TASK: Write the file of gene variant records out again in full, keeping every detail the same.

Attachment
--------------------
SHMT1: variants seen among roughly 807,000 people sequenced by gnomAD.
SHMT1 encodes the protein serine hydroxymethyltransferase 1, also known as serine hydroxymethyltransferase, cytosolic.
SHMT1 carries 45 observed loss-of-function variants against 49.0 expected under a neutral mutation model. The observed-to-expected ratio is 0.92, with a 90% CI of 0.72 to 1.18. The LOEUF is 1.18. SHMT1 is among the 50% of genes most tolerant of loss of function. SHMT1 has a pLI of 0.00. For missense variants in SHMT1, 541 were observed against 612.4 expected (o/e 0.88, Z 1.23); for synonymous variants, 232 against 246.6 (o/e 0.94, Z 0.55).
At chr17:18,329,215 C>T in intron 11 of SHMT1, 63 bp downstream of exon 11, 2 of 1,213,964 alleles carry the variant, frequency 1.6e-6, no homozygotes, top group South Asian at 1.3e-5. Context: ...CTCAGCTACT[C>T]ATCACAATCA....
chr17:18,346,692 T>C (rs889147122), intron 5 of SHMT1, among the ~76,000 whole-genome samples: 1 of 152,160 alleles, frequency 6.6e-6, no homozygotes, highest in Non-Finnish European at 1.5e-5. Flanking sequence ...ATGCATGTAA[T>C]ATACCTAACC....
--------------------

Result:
SHMT1: variants seen among roughly 807,000 people sequenced by gnomAD.
SHMT1 encodes the protein serine hydroxymethyltransferase 1, also known as serine hydroxymethyltransferase, cytosolic.
SHMT1 carries 45 observed loss-of-function variants against 49.0 expected under a neutral mutation model. The observed-to-expected ratio is 0.92, with a 90% CI of 0.72 to 1.18. The LOEUF is 1.18. SHMT1 is among the 50% of genes most tolerant of loss of function. SHMT1 has a pLI of 0.00. For missense variants in SHMT1, 541 were observed against 612.4 expected (o/e 0.88, Z 1.23); for synonymous variants, 232 against 246.6 (o/e 0.94, Z 0.55).
At chr17:18,329,215 C>T in intron 11 of SHMT1, 63 bp downstream of exon 11, 2 of 1,213,964 alleles carry the variant, frequency 1.6e-6, no homozygotes, top group South Asian at 1.3e-5. Context: ...CTCAGCTACT[C>T]ATCACAATCA....
chr17:18,346,692 T>C (rs889147122), intron 5 of SHMT1, among the ~76,000 whole-genome samples: 1 of 152,160 alleles, frequency 6.6e-6, no homozygotes, highest in Non-Finnish European at 1.5e-5. Flanking sequence ...ATGCATGTAA[T>C]ATACCTAACC....